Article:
Sequence variation in DOCK9 and heterogeneity in bipolar disorder

Sevilla D. Detera-Wadleigh, Chun Yu Liu, Manjula Maheshwari, Imer Cardona, Winston Corona, Nirmala Akula, C. J.M. Steele, Judith A. Badner, Mukta Kundu, Layla Kassem, James B. Potash, Richard Gibbs, Elliot S. Gershon, Francis Joseph McMahon

Research output: Contribution to journalArticlepeer-review

21 Scopus citations


BACKGROUND: Linkage of bipolar disorder to a broad region on chromosome 13q has been supported in several studies including a meta-analysis on genome scans. Subsequent reports have shown that variations in the DAOA (G72) locus on 13q33 display association with bipolar disorder but these may not account for all of the linkage evidence in the region. OBJECTIVE: To identify additional susceptibility loci on 13q32-q33 by linkage disequilibrium mapping and explore the impact of phenotypic heterogeneity on association. METHODS: In the initial phase, 98 single nucleotide polymorphism (SNPs) located on 13q32-q33 were genotyped on 285 probands with bipolar disorder and their parents were drawn from families in the NIMH Genetics Initiative consortium for bipolar disorder (NIMH1-4) and two other series. Fine scale mapping using one family series (NIMH1-2) as the test sample was targeted on a gene that displayed the highest evidence of association. A secondary analysis of familial component phenotypes of bipolar disorder was conducted. RESULTS: Three of seven SNPs in DOCK9, a gene that encodes an activator of the Rho-GTPase Cdc42, showed significant excess allelic transmission (P=0.0477-0.00067). Fine scale mapping on DOCK9 yielded evidence of association at nine SNPs in the gene (P=0.02-0.006). Follow-up tests detected excess transmission of the same allele of rs1340 in two out of three other sets of families. The association signals were largely attributable to maternally transmitted alleles (rs1927568: P=0.000083; odds ratio=3.778). A secondary analysis of familial component phenotypes of bipolar disorder detected significant association across multiple DOCK9 markers for racing thoughts, psychosis, delusion during mania and course of illness indicators. CONCLUSION: These results suggest that DOCK9 contributes to both risk and increased illness severity in bipolar disorder. We found evidence for the effect of phenotypic heterogeneity on association. To our knowledge this is the first report to implicate DOCK9 or the Rho-GTPase pathway in the etiology of bipolar disorder.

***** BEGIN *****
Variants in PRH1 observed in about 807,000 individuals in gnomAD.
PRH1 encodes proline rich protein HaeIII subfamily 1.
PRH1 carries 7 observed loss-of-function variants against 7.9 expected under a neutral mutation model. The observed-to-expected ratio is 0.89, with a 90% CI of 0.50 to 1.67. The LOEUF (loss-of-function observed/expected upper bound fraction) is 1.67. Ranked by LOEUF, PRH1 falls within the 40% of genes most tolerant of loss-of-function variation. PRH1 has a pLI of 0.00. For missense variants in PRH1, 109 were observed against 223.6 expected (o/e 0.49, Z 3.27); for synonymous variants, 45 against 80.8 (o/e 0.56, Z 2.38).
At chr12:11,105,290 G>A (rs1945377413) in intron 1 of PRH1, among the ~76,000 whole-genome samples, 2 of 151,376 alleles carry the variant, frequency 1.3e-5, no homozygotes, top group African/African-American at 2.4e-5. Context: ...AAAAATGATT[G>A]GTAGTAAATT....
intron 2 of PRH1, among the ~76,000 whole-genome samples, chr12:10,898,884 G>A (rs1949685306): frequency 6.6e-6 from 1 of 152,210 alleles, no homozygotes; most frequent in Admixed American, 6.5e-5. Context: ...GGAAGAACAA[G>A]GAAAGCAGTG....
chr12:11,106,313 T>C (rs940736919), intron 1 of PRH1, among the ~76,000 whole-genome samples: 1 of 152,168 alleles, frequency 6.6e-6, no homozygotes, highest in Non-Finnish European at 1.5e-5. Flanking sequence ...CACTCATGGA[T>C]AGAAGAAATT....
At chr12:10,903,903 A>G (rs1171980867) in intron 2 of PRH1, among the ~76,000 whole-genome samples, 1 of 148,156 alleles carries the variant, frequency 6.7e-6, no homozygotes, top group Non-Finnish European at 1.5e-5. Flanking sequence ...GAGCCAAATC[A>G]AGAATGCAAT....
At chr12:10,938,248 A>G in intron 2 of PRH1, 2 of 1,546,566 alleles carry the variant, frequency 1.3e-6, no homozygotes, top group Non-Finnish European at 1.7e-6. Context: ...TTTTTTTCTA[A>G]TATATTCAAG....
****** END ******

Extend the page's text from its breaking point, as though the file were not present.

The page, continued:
Original languageEnglish (US)
Pages (from-to)274-286
Number of pages13
JournalPsychiatric genetics
Issue number5
StatePublished - Oct 2007


  • Allele
  • Association
  • Cdc42
  • Phenotypes
  • Transmission

ASJC Scopus subject areas

  • Genetics
  • Genetics(clinical)
  • Psychiatry and Mental health
  • Biological Psychiatry


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